Cities such as San Antonio — with its concentrated pockets of broadband infrastructure — have disparate levels of internet access and knowledge among its residents that many refer to as a digital divide.

Pelaez said formalizing Nirenberg's pledge as a city ordinance is the next step to protecting an open internet locally.

4 thoughts on “Pelaez Asks City Council To Consider Net Neutrality Ordinance

  1. Another knee-jerk response by an thoughtless city leader. I have not experienced any degradation in service.

    Give the mayor and council members a Progressive issue and they’re on it like ducks on june bugs.

  2. I’ve learned that those who spout the term “Net Neutrality” have not read the FCC’s statement on “Restoring Internet Freedom” but rather have read only the nonsense published by the mainstream media.

    The LAST thing anybody should want – especially businesses – is for ISPs to treat all customers equally. There’s a reason why those who need high speed connections – whether to conduct stock trades, process credit card transactions, etc – will pay more for faster internet.

    Heck, my ISP just DOUBLED my basic internet to 200MBS at NO EXTRA CHARGE to me.

    Remember: When the FCC in December reversed Obama’s Net Neutrality, every Democrat / Leftist / Statist / Journalist proclaimed the “Death of the Internet.” Well, five months later I’m enjoying twice as fast internet for no extra charge – and I have yet to hear ANYBODY on the Left mention that maybe they were wrong in their assertions.

  3. “In the absence of net neutrality, ISPs are able to create tiered services that will make it increasingly difficult for those who cannot afford or lack access to the internet”……WRONG!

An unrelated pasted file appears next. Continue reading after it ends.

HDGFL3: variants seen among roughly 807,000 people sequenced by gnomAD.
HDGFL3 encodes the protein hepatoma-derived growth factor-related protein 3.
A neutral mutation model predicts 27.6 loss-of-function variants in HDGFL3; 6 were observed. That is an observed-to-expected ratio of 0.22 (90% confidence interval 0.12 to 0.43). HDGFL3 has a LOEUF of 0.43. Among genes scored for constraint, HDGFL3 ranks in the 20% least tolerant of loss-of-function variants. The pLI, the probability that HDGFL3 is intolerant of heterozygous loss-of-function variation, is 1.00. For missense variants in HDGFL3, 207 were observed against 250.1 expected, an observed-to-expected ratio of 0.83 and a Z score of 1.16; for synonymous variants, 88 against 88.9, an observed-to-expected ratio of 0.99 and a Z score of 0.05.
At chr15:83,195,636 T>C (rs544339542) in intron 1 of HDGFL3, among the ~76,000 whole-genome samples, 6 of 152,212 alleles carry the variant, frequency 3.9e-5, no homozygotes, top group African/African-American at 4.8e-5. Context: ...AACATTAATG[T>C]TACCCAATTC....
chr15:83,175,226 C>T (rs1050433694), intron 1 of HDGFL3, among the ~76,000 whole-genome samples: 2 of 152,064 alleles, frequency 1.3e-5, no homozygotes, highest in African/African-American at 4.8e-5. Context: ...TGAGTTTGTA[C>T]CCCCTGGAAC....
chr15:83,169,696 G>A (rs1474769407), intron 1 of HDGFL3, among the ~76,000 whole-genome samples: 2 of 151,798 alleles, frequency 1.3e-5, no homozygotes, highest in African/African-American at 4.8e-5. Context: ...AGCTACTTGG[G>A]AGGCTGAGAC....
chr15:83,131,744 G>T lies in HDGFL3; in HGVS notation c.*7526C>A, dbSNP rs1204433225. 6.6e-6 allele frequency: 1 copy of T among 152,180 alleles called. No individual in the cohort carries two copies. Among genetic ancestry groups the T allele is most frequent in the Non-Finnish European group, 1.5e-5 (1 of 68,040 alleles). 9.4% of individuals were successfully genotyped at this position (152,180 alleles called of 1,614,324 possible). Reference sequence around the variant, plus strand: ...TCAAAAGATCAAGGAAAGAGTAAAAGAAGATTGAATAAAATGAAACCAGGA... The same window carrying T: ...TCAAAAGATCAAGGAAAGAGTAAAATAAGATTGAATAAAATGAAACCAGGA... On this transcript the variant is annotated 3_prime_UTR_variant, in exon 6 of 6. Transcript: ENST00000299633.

The lack of “tiered services” means a lack of options. Why should someone who only uses email for occasional e-mails and reading the news or other services requiring minimal bandwidth be required to pay for a “super fast” internet connection. Using that logic, should there be a “Power Grid Neutrality” rule for CPS where every residence is connected to industrial grade 440 volt, 200+ amp service? Likewise, how about requiring SAWS to connect all customers with 4 inch water mains, after all, everyone needs the same “access” to water. Restricting options only makes the overall cost increase for all customers, large and small.

    Perhaps we should come to understand that the reason Spectrum, AT&T, Google Fiber, et al like “net neutrality” is they can blame it when their customers complain that they have to pay the only one-size-fits-all price for their internet service. It certainly makes their sales job much easier.

  4. Don’t be fooled by the talk about how I’m here to help you from these city leaders.
    Net Neutrality in a nutshell means, government wants to control the internet, hence, control the content!
    All in the name of fairness,! But in the end, they have the control, just like they want it!